Good news! As Russian forces bear down on eastern Ukraine, the country's air force has been sending long-range nuclear bombers, like the Tupolev TU-95, to approach American interests around the world. And those US interests include Guam, where we have a big base, and a place called "California."
The chief of the US Air Force in the Pacific, General Herbert "Hawk" Carlisle, told the Center for Strategic and International Studies think tank that Russian planes had circumnavigated the Pacific island, and had been even so bold as to approach the California coast, according to Reuters:
"That's to demonstrate their capability to do it, it's to gather intel," Carlisle said, adding that the surveillance had included observation of military exercises involving U.S. forces in South Korea and Japan.
Royal Air Force fighter jets were forced to intercept two Russian bombers off of Scotland two weeks ago.
Russian bombers have been approaching Guam for a few years now, and have made passes at Alaska with increasing regularity. But an approach at the American mainland would mark a dramatic escalation from Russian president Vladimir Putin.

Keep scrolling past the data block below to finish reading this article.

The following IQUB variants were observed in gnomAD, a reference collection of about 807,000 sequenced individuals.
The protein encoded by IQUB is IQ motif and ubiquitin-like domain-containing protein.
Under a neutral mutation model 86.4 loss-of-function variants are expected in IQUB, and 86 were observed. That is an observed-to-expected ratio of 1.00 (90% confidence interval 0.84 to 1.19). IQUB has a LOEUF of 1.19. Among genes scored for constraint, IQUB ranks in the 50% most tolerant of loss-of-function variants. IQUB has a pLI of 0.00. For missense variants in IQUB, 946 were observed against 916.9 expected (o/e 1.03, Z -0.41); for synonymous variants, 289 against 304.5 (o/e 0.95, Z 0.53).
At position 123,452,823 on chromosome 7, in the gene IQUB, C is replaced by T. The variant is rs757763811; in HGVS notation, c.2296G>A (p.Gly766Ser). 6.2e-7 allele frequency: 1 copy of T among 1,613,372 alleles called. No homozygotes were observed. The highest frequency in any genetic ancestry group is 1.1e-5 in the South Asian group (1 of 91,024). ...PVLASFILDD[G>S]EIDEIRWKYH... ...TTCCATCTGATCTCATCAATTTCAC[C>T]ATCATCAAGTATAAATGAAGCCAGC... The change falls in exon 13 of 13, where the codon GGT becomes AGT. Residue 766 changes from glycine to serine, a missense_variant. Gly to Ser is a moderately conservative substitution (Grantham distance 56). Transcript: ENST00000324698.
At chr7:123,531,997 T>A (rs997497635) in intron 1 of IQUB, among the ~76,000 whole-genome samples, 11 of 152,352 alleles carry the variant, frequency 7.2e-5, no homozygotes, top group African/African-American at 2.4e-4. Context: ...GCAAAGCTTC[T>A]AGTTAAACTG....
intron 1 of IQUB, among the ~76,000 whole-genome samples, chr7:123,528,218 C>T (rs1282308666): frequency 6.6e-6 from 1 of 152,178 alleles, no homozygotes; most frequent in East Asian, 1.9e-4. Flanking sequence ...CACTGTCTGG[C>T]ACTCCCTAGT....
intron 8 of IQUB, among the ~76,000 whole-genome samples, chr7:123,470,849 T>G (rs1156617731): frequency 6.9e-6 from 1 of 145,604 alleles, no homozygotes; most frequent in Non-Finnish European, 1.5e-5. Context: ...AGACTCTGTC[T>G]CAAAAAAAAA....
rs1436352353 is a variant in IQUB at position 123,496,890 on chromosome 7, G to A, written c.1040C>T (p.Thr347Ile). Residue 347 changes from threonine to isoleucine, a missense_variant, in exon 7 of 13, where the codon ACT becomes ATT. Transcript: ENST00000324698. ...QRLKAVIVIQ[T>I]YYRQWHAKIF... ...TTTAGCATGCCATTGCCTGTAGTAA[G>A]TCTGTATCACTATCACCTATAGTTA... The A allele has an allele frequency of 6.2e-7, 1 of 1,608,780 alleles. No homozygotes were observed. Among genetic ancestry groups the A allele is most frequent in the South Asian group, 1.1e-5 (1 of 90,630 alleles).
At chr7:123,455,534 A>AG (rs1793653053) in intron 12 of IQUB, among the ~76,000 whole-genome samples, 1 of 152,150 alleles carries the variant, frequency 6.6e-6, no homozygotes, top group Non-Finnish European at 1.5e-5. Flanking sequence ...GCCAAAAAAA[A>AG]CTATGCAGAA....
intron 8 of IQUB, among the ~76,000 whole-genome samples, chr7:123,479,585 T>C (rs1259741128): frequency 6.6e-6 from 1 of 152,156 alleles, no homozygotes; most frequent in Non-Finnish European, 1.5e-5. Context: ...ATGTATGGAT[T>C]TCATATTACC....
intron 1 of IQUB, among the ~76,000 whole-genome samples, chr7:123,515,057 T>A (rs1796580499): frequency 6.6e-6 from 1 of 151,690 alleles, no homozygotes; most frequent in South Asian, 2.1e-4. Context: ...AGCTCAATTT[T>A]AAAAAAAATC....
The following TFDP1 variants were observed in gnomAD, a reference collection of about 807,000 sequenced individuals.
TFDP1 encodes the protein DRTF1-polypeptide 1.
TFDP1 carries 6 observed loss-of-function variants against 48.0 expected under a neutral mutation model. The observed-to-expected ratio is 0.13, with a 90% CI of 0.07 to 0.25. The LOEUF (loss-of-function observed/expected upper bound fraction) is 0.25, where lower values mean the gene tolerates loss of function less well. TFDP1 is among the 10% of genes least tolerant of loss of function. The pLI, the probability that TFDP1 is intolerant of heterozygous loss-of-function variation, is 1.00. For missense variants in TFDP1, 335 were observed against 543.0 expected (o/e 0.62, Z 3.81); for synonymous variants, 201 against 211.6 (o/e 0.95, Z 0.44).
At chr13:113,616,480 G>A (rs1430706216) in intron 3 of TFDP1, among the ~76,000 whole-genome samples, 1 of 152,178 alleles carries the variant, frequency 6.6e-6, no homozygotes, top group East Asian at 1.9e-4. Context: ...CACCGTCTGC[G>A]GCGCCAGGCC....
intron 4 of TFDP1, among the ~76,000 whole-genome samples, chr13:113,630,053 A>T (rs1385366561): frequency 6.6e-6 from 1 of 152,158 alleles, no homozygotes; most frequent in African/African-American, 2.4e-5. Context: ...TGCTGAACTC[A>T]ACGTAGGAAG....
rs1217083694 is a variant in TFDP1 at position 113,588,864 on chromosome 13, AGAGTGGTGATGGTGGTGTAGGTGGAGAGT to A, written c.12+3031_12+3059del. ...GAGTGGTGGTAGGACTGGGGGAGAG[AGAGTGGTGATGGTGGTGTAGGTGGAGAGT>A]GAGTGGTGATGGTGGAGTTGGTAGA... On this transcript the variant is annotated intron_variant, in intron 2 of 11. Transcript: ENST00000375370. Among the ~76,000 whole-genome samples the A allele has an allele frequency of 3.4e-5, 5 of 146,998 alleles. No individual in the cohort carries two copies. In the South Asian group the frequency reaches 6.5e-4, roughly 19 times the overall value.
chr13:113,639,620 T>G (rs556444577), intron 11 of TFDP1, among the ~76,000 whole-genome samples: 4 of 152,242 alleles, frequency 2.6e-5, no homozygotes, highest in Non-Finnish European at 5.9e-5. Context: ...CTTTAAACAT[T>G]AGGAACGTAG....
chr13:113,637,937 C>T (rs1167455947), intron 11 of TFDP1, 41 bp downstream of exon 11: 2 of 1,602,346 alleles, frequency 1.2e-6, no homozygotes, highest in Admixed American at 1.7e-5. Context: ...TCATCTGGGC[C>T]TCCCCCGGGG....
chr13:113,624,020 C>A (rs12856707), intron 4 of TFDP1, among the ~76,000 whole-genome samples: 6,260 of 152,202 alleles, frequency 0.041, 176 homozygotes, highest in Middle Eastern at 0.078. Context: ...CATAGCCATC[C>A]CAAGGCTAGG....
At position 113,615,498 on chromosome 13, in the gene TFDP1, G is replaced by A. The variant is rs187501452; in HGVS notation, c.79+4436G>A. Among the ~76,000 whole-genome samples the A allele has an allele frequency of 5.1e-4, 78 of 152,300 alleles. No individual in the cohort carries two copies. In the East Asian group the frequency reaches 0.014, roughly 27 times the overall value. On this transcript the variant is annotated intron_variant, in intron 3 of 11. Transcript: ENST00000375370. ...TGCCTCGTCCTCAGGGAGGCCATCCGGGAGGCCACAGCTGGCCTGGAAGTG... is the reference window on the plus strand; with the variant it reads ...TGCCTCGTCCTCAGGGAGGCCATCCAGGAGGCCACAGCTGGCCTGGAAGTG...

Truth be told, during the Cold War these sorts of incidents from Russia were quite common, and even with the fall of communism, America's own air force kept up patrols of Russia's borders when Russia couldn't afford to send its own planes out.
But with Russia invading its neighbors all willy-nilly, and with Russian bombers probing American and allied airspace, don't be surprised if you start hearing more and more about a "Second Cold War."
Photo credit: US Air Force